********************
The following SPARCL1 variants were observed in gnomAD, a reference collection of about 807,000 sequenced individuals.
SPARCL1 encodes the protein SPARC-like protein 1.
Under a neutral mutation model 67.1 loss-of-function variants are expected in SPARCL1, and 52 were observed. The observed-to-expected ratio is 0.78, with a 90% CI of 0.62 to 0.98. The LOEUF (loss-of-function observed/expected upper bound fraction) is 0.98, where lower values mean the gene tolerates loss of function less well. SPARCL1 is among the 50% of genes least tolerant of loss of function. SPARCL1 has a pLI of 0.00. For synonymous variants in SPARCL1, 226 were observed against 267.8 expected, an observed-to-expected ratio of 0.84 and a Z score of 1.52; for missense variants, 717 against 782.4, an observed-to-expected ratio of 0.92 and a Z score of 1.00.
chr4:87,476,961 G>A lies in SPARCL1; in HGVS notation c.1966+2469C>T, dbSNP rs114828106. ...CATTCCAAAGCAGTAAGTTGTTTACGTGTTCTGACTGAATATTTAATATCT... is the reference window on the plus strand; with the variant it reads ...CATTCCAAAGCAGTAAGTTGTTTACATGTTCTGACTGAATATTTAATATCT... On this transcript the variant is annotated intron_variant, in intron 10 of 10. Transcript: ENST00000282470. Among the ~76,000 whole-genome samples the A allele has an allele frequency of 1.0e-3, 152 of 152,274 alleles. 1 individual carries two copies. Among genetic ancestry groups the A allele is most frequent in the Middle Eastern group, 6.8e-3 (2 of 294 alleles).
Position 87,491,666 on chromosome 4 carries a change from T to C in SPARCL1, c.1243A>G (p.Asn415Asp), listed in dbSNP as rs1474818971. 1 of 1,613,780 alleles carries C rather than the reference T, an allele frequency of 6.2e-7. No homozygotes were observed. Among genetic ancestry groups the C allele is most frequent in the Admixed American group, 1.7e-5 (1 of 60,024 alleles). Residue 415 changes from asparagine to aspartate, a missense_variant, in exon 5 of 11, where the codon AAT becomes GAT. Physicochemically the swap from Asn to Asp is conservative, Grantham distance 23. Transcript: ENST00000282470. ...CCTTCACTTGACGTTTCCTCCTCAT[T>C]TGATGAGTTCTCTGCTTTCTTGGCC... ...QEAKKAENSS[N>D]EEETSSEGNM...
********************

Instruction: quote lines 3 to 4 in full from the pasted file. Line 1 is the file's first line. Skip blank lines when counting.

Under a neutral mutation model 67.1 loss-of-function variants are expected in SPARCL1, and 52 were observed. The observed-to-expected ratio is 0.78, with a 90% CI of 0.62 to 0.98. The LOEUF (loss-of-function observed/expected upper bound fraction) is 0.98, where lower values mean the gene tolerates loss of function less well. SPARCL1 is among the 50% of genes least tolerant of loss of function. SPARCL1 has a pLI of 0.00. For synonymous variants in SPARCL1, 226 were observed against 267.8 expected, an observed-to-expected ratio of 0.84 and a Z score of 1.52; for missense variants, 717 against 782.4, an observed-to-expected ratio of 0.92 and a Z score of 1.00.
chr4:87,476,961 G>A lies in SPARCL1; in HGVS notation c.1966+2469C>T, dbSNP rs114828106. ...CATTCCAAAGCAGTAAGTTGTTTACGTGTTCTGACTGAATATTTAATATCT... is the reference window on the plus strand; with the variant it reads ...CATTCCAAAGCAGTAAGTTGTTTACATGTTCTGACTGAATATTTAATATCT... On this transcript the variant is annotated intron_variant, in intron 10 of 10. Transcript: ENST00000282470. Among the ~76,000 whole-genome samples the A allele has an allele frequency of 1.0e-3, 152 of 152,274 alleles. 1 individual carries two copies. Among genetic ancestry groups the A allele is most frequent in the Middle Eastern group, 6.8e-3 (2 of 294 alleles).